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Amino Acids

, Volume 50, Issue 3–4, pp 469–477 | Cite as

Diet-induced glucose homeostasis dysregulation is enhanced by taurine supplementation in ovariectomized mice

  • Roberta de Souza Santos
  • Rafael L. Camargo
  • Emerielle C. Vanzela
  • Thiago M. Batista
  • Priscila N. Morato
  • Nayara C. Leite
  • Juliana C. Rovani
  • Marta García-Arévalo
  • Deborah J. Clegg
  • Everardo M. Carneiro
Original Article

Abstract

Low levels of estrogens are associated with obesity-related comorbidities. Mice with lower levels of estrogens are thereby more sensitive to the effects of a high-fat-diet (HFD) for the development of glucose intolerance and insulin resistance. Studies in vivo have demonstrated that taurine (TAU) supplementation prevents glucose and insulin resistance. Thus, we aimed to investigate the potential beneficial effects of TAU supplementation on glucose homeostasis of mice with low levels of estrogens fed with a HFD. 3-month-old female C57BL/6J mice underwent bilateral ovariectomy (OVX). After 1 week of recovery, mice were divided into 4 groups and either received: a standard chow diet (OVXC), chow diet plus drinking water enriched with 3% of TAU (OVXCT), HFD (OVXH), and HFD plus supplementation of TAU (OVXHT) for 14 weeks. Exposure to the HFD increased adiposity and plasma levels of glucose and insulin. Contrary to our prediction, the addition of TAU enhanced the deleterious effects of the HFD. Glucose and insulin tolerance tests (ipGTT and ipITT) indicated that mice maintained on the HFD + TAU had worse glucose intolerance and insulin resistance that was linked to lower insulin signaling in skeletal muscle and liver. Insulin secretion of isolated pancreatic islets of OVXH mice was higher than OVXC, and the addition of TAU associated with a HFD did not modulate insulin secretion, suggesting a failure of pancreatic β cells of OVXHT mice. These results suggest that despite the beneficial reports of TAU, it should be used cautiously in situations where the levels of estrogens are low.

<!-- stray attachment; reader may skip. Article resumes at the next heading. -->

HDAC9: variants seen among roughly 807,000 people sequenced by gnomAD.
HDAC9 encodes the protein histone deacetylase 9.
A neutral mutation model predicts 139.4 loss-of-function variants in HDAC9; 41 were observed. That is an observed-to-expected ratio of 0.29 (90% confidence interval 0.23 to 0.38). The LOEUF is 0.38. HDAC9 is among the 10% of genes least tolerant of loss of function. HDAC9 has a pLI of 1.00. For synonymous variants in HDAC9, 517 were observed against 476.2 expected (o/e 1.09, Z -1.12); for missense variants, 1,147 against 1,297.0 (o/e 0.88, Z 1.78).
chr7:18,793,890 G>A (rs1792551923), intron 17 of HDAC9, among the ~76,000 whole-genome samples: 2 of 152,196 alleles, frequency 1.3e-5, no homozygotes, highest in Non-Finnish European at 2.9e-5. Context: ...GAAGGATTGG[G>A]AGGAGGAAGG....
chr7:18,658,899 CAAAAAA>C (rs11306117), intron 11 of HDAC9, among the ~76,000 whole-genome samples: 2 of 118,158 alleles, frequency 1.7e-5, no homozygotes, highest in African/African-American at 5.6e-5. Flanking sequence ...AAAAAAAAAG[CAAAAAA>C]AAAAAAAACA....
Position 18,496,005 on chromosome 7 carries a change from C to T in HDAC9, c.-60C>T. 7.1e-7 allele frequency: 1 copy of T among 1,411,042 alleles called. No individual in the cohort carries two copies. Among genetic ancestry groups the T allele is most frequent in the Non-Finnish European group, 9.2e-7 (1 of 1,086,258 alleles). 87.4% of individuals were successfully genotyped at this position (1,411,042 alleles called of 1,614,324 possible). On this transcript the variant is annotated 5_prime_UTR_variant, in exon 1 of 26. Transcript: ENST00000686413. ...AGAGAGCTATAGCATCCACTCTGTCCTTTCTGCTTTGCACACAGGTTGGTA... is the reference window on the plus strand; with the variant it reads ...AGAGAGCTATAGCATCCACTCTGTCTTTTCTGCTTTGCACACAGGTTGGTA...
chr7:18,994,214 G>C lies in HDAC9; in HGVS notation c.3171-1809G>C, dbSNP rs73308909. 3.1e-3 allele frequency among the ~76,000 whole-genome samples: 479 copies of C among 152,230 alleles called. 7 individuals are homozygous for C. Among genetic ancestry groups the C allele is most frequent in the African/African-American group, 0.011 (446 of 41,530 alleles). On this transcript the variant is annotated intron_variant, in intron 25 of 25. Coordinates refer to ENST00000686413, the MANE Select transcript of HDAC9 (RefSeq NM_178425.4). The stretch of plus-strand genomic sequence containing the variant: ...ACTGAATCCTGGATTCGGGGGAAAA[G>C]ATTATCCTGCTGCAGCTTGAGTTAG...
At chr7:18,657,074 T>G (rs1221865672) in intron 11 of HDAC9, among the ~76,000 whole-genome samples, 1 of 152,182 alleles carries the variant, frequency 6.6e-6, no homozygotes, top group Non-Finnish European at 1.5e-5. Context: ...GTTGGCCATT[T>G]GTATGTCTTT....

Keywords

Estrogens Taurine supplementation Glucose homeostasis Insulin secretion Peripheral insulin resistance High fat diet 

Notes

Acknowledgements

This material was based upon work supported by Fundação de Amparo à Pesquisa do Estado de São Paulo (FAPESP), under Grants 2012/50430-9 and 2013/07607-8.

Author contribution statement

OVX and subsequent post-operative care was performed by RSS. Experiments were designed by RSS, TMB, RLC, PNM and MGA. In vivo and ex vivo experiments were performed by RSS, RLC, TMB, PNM, NCL and JCR. Western blotting was performed by ECV and RLC. Statistics was performed by RSS. RSS, DJC and EMC prepared the manuscript. All authors discussed and reviewed the manuscript.

Compliance with ethical standards

Conflict of interest

There are no conflicts of interest.

Supplementary material

726_2017_2533_MOESM1_ESM.tif (1015 kb)
Suppl. Fig. 1. Imaging and computed reconstruction of visceral and subcutaneous adipose tissue through micro-CT scan. Representative images of transversal sections taken between L5 and L6 (A), and coronal plane (B). The less dense adipose tissue appears as darker gray than more dense organs such as muscle, bone and others
726_2017_2533_MOESM2_ESM.docx (13 kb)
Supplementary material 2 (DOCX 13 kb)

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Copyright information

© Springer-Verlag GmbH Austria, part of Springer Nature 2017

Authors and Affiliations

  • Roberta de Souza Santos
    • 1
    • 2
  • Rafael L. Camargo
    • 1
    • 2
  • Emerielle C. Vanzela
    • 1
  • Thiago M. Batista
    • 1
  • Priscila N. Morato
    • 1
  • Nayara C. Leite
    • 1
  • Juliana C. Rovani
    • 1
  • Marta García-Arévalo
    • 1
  • Deborah J. Clegg
    • 2
  • Everardo M. Carneiro
    • 1
  1. 1.Obesity and Comorbidities Research Center (OCRC), Institute of BiologyUniversidade Estadual de CampinasCampinasBrazil
  2. 2.Diabetes and Obesity Research Division, Biomedical Research DepartmentCedars-Sinai Medical CenterLos AngelesUSA

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